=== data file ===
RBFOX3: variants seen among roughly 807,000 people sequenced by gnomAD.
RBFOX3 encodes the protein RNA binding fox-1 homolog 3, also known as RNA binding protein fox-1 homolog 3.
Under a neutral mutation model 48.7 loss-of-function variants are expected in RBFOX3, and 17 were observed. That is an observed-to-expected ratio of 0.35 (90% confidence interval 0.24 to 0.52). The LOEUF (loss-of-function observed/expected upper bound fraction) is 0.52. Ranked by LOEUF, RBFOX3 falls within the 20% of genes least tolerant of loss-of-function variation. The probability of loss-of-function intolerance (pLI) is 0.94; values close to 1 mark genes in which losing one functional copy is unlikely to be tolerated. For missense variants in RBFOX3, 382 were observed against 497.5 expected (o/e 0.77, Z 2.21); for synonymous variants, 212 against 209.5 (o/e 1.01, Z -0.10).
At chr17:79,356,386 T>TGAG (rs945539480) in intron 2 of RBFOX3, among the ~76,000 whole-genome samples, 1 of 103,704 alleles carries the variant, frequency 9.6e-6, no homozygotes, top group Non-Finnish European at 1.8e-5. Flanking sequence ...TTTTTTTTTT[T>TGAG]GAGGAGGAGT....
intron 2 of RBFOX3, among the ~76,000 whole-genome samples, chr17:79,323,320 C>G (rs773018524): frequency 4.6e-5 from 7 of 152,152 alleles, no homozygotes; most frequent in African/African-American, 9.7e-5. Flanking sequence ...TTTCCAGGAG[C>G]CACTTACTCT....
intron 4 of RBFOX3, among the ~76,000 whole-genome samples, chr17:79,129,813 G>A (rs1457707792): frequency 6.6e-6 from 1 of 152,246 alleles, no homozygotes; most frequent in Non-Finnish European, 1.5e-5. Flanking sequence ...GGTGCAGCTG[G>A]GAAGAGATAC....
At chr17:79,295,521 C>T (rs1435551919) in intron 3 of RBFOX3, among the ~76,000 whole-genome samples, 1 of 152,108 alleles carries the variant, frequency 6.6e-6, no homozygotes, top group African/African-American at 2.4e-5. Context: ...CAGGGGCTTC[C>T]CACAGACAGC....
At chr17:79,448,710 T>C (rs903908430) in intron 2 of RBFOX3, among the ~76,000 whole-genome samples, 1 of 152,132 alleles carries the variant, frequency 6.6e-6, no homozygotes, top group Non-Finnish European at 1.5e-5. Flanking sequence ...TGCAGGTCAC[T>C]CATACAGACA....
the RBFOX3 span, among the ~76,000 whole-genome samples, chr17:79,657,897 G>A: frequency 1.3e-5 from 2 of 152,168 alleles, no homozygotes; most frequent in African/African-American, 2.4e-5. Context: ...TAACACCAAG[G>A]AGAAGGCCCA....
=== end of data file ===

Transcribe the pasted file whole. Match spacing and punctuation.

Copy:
RBFOX3: variants seen among roughly 807,000 people sequenced by gnomAD.
RBFOX3 encodes the protein RNA binding fox-1 homolog 3, also known as RNA binding protein fox-1 homolog 3.
Under a neutral mutation model 48.7 loss-of-function variants are expected in RBFOX3, and 17 were observed. That is an observed-to-expected ratio of 0.35 (90% confidence interval 0.24 to 0.52). The LOEUF (loss-of-function observed/expected upper bound fraction) is 0.52. Ranked by LOEUF, RBFOX3 falls within the 20% of genes least tolerant of loss-of-function variation. The probability of loss-of-function intolerance (pLI) is 0.94; values close to 1 mark genes in which losing one functional copy is unlikely to be tolerated. For missense variants in RBFOX3, 382 were observed against 497.5 expected (o/e 0.77, Z 2.21); for synonymous variants, 212 against 209.5 (o/e 1.01, Z -0.10).
At chr17:79,356,386 T>TGAG (rs945539480) in intron 2 of RBFOX3, among the ~76,000 whole-genome samples, 1 of 103,704 alleles carries the variant, frequency 9.6e-6, no homozygotes, top group Non-Finnish European at 1.8e-5. Flanking sequence ...TTTTTTTTTT[T>TGAG]GAGGAGGAGT....
intron 2 of RBFOX3, among the ~76,000 whole-genome samples, chr17:79,323,320 C>G (rs773018524): frequency 4.6e-5 from 7 of 152,152 alleles, no homozygotes; most frequent in African/African-American, 9.7e-5. Flanking sequence ...TTTCCAGGAG[C>G]CACTTACTCT....
intron 4 of RBFOX3, among the ~76,000 whole-genome samples, chr17:79,129,813 G>A (rs1457707792): frequency 6.6e-6 from 1 of 152,246 alleles, no homozygotes; most frequent in Non-Finnish European, 1.5e-5. Flanking sequence ...GGTGCAGCTG[G>A]GAAGAGATAC....
At chr17:79,295,521 C>T (rs1435551919) in intron 3 of RBFOX3, among the ~76,000 whole-genome samples, 1 of 152,108 alleles carries the variant, frequency 6.6e-6, no homozygotes, top group African/African-American at 2.4e-5. Context: ...CAGGGGCTTC[C>T]CACAGACAGC....
At chr17:79,448,710 T>C (rs903908430) in intron 2 of RBFOX3, among the ~76,000 whole-genome samples, 1 of 152,132 alleles carries the variant, frequency 6.6e-6, no homozygotes, top group Non-Finnish European at 1.5e-5. Flanking sequence ...TGCAGGTCAC[T>C]CATACAGACA....
the RBFOX3 span, among the ~76,000 whole-genome samples, chr17:79,657,897 G>A: frequency 1.3e-5 from 2 of 152,168 alleles, no homozygotes; most frequent in African/African-American, 2.4e-5. Context: ...TAACACCAAG[G>A]AGAAGGCCCA....